How do you cross the digital divide and blend online and offline (traditional) community engagement? What about during a pandemic? The City of Lancaster used online, offline, and blended approaches to ensure their diverse population was well represented in the City’s new engagement initiatives, which ranged from policing to mobility planning.
This inclusive approach increased participation, including within traditionally under-heard communities, and gave the City the confidence to use their online engagement platform Engage Lancaster to tackle challenging local problems.
The need for community engagement
A mid-sized city of over 60,000 with a greater metro area of just over 525,000, Lancaster is as diverse as some of the world’s largest capitals. While known for its Amish population, 40% of Lancaster residents are Spanish-speaking and the city resettles the most refugees per capita in the United States. With a population so rich with diversity, the City wanted to ensure that its many upcoming projects across transportation, housing, policing, and other issue areas were informed and shaped by feedback that fully reflected the Lancaster community.
With the pandemic keeping residents at home, the Mayor’s Office and Department of Neighborhood Engagement (DoNE) needed to address the city’s own digital divide, and find new ways to engage several traditionally offline and underrepresented communities. Milzy Carrasco, appointed in 2018 to run DoNE, led the charge.
The solutions used
The DoNE team met with various stakeholders to identify priorities for their engagement approach and agreed that an online platform was necessary. They needed something that was easy to use and had strong language accessibility, and they wanted access to hands-on support and engagement expertise. Working with CitizenLab, they launched Engage Lancaster to move their approved projects online with a plan for ensuring everyone could be heard.
To create something truly innovative, DoNE borrowed from best practices from CitizenLab’s network of over 300 local governments and organizations.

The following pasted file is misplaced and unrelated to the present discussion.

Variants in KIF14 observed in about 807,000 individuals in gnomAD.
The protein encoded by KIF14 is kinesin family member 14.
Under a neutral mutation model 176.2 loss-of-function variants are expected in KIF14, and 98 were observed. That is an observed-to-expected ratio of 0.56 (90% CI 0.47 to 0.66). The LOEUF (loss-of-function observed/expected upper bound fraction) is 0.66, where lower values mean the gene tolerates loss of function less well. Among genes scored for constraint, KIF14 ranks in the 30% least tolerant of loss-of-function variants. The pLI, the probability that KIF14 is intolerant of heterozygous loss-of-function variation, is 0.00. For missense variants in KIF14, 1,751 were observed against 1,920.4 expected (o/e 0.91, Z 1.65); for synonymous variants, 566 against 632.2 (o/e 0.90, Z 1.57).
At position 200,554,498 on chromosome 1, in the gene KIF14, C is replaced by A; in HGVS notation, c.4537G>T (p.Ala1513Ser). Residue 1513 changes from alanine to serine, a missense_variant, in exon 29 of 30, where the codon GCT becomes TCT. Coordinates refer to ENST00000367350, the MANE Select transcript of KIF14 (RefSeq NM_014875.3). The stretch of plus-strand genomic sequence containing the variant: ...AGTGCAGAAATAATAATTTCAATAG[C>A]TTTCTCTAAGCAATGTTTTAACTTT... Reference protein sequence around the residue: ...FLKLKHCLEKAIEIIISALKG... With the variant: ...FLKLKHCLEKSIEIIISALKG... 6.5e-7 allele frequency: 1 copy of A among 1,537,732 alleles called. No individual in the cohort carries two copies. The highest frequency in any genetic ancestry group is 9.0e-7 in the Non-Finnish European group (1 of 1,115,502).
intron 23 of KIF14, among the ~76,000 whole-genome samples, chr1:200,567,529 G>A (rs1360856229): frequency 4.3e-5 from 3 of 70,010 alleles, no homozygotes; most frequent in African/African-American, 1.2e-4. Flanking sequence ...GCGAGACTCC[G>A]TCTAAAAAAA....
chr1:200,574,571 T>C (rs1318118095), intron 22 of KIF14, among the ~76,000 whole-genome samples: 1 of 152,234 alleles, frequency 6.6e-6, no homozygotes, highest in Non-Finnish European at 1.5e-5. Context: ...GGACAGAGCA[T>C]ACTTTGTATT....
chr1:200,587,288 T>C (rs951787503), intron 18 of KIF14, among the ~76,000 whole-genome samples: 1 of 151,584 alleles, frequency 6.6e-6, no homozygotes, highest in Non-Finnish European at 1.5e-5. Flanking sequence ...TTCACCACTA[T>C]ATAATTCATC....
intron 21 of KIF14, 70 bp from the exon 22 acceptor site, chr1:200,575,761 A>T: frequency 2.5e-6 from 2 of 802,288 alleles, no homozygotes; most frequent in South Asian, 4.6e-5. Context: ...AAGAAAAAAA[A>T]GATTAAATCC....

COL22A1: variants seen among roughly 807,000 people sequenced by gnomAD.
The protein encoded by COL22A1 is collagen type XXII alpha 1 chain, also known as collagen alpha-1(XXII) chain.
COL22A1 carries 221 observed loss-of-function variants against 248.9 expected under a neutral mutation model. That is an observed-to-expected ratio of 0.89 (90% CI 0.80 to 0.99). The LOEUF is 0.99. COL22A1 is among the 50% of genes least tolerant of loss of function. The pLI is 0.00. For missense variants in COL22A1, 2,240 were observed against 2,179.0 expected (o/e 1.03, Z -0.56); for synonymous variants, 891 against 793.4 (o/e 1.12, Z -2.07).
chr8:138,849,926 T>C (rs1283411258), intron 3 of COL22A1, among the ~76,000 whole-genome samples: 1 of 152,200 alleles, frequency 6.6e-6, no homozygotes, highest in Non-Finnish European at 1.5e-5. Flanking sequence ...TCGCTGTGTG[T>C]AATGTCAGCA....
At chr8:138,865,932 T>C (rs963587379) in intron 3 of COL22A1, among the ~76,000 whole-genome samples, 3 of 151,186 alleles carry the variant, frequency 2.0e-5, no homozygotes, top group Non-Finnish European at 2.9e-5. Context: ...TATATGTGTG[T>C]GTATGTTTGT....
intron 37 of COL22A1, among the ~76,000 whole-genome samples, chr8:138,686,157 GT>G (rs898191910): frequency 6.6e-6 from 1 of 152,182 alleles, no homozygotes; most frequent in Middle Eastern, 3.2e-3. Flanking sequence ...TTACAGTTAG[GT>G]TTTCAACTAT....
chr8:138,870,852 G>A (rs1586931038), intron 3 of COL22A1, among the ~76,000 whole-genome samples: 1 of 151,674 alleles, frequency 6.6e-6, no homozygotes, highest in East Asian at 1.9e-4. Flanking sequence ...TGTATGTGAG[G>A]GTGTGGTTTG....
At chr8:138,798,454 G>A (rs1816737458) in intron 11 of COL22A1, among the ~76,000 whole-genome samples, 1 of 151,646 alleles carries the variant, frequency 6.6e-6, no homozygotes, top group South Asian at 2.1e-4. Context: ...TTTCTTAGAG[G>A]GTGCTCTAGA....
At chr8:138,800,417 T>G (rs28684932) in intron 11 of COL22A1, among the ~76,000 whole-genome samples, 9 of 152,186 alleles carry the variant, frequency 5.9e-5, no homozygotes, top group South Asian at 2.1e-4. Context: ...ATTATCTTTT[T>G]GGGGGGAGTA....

Milzy reflected, “we have access to what other cities are doing – and with cities facing the same pandemic challenges at once, that helped expedite our work and improve it in real-time.”
To ensure the community would use Engage Lancaster, the DoNE team also met with local stakeholders in schools, places of worship, housing authorities, after-school programs, and even local businesses to ask them to commit to the platform. They also used their active social media accounts to promote Engage Lancaster and encourage people to move their comments to the platform for community-wide dialogue.
Hyper aware of the ways digital divides could exclude some groups – particularly low-income residents, the elderly, and recently resettled refugees who often lack access to digital tools and can be hesitant to take part in government consultations – DoNE wanted to make it as easy as possible for people to weigh in. They took several steps towards inclusion, including:
- Involving residents from the start by co-designing surveys and flyers directly with the community, and giving them a say in how and when to distribute those materials to ensure high participation.
- Distributing digital and paper surveys (in multiple languages) and then uploading paper responses onto the platform so that the data sat alongside digitally entered ideas and comments.